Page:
Who Won Stage 18 of the Tour De France

With this stage victory under his belt, Vingegaard of Denmark should be able to ride up the Champs Elysees on July 24 and claim the 2022 title.

Stage 18 of the Tour de France took place on Thursday, and Jonas Vingegaard showed great sportsmanship by waiting for defending champion Tadej Pogacar after the latter had fallen.

Vingegaard went on to beat his Slovenian rival by more than a minute atop the Hautacam mountain.

Who Won Stage 18 of the Tour De France

With his lead from the stage victory, Vingegaard of Denmark should be able to ride over the Champs Elysees on Sunday and claim the 2022 title barring calamity or a severe fall.

Tour de France: Vingegaard Rides Clear to Win Stage 18 and Close on Title – as it Happened

In 1996, Bjarne Riis was defeated on the Hautacam by Jonas Vingegaard, a champion who had seemed unbeatable.

And when Pogacar came down the Col de Spandelles, and Vingegaard was waiting for him, that was a moment in history.

For several reasons, not the least of which being that Vingegaard had previously appeared to loose his chain and Pogacar had attacked.

Pogacar refused to attack farther on the downhill because he knew Vingegaard was the superior and stronger man, and he told his team car as much.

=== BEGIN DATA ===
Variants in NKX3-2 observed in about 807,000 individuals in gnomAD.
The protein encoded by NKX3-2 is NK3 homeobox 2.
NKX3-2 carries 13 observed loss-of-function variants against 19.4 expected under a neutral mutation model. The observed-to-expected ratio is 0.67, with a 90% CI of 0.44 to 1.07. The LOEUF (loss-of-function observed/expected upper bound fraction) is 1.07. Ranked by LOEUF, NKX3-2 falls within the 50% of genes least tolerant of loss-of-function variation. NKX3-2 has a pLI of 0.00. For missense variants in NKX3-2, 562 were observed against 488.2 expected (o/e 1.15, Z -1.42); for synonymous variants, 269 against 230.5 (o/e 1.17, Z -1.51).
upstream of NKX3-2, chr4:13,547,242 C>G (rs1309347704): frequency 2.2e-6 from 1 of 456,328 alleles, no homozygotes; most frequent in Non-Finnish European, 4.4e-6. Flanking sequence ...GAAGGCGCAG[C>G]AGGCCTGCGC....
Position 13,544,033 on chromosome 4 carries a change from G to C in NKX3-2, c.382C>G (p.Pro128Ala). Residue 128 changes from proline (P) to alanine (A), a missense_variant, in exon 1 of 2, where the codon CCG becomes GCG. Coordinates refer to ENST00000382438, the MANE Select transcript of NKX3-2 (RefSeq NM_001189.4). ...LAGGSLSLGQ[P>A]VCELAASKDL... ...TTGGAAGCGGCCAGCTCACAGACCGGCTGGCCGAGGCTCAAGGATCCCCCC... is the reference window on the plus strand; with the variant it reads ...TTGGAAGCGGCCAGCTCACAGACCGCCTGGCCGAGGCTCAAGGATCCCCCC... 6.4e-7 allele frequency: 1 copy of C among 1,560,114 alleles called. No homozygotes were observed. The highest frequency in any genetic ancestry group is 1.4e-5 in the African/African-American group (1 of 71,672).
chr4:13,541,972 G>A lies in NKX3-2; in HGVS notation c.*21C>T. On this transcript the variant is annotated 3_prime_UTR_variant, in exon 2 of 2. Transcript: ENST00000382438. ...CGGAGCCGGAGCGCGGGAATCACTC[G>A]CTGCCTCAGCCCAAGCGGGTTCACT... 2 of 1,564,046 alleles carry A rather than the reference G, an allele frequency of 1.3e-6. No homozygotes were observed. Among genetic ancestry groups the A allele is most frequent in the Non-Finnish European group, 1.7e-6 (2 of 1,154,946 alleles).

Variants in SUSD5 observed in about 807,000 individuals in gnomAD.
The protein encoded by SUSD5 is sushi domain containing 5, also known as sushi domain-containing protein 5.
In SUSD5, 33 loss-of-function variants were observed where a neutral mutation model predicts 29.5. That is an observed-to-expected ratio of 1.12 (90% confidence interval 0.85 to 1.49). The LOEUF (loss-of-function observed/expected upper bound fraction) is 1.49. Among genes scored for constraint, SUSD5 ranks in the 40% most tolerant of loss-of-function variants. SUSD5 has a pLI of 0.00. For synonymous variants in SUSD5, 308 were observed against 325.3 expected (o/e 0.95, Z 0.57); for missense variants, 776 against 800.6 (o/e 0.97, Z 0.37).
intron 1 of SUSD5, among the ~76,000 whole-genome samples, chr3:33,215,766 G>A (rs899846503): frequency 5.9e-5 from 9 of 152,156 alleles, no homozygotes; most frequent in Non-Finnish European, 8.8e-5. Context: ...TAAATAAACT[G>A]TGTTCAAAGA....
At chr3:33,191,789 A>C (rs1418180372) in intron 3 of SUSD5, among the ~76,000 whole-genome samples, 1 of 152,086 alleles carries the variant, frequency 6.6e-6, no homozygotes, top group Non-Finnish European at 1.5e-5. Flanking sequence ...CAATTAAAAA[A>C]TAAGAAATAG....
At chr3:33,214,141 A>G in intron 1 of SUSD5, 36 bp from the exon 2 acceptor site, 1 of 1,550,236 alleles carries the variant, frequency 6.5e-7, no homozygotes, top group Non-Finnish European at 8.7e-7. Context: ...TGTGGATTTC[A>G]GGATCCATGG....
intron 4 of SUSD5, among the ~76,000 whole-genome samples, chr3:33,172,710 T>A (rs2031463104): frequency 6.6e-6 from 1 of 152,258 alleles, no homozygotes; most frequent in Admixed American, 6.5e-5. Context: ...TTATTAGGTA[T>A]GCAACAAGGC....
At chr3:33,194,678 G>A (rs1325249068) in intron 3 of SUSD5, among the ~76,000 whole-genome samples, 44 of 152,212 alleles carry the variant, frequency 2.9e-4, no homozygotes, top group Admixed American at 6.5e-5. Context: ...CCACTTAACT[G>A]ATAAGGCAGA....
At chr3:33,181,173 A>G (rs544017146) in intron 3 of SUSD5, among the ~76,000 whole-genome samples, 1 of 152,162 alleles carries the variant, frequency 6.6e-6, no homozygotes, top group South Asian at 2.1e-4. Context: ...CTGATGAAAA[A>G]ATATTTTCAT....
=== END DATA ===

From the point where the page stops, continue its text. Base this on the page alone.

Pogacar crosses the finish line with his head bowed, his shirt open and blowing in the alpine air.

When he was knocked down, he got back up, but he still couldn’t defeat his inspired and formidable opponent.

Van Aert, who has been dominating the stage and has likely set up his partner to win the stage and the Tour de France, comes in behind him.

Jonas Vingegaard Moves Closer to 2022 Tour de France Title After Claiming Last Mountain Stage

Dane wins for the second time in this race, increasing his advantage over Tadej Pogacar to 3 minutes and 26 seconds with three stages to go.

After winning stage 18 on Thursday, road cyclist Jonas Vingegaard (Jumbo-Visma) is one step closer to claiming the 2022 Tour de France (21 July).

After completing the Hautacam climb solo, the Dane extended his advantage over Tadej Pogacar in the overall standings to over three and a half minutes with only three stages remaining.

Vingegaard fought off repeated assaults from the Slovenian and lost the two-time reigning champion on the last hill with just over 4 kilometres to go, eventually finishing more than a minute ahead of him.

The current wearer of the yellow jersey exclaimed, “This is wonderful, this morning I stated to my partner and my daughter that I wanted to win for them and I did.”

“It means a lot to me that I was able to bring home the victory for them. It’s intended primarily for my two daughters at home.”

In a departure from the Pyrenees, the Tour will race across France on Friday, covering the 188.3-kilometer flat stage from Castelnau-Magnoac to Cahors.

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Pogacar gave up the ghost on the penultimate ascent on Thursday, when Vingegaard’s Jumbo teammate Wout van Aert functioned as a sherpa for his team leader.

Some 28 kilometres from home, Pogacar miscalculated a bend, and Vingegaard cut inside of him, startling the Slovenian and causing him to lose control of his bike and fall into a gutter.

The champion got up quickly, bandaging his gashed left hand and continuing the chase at full speed.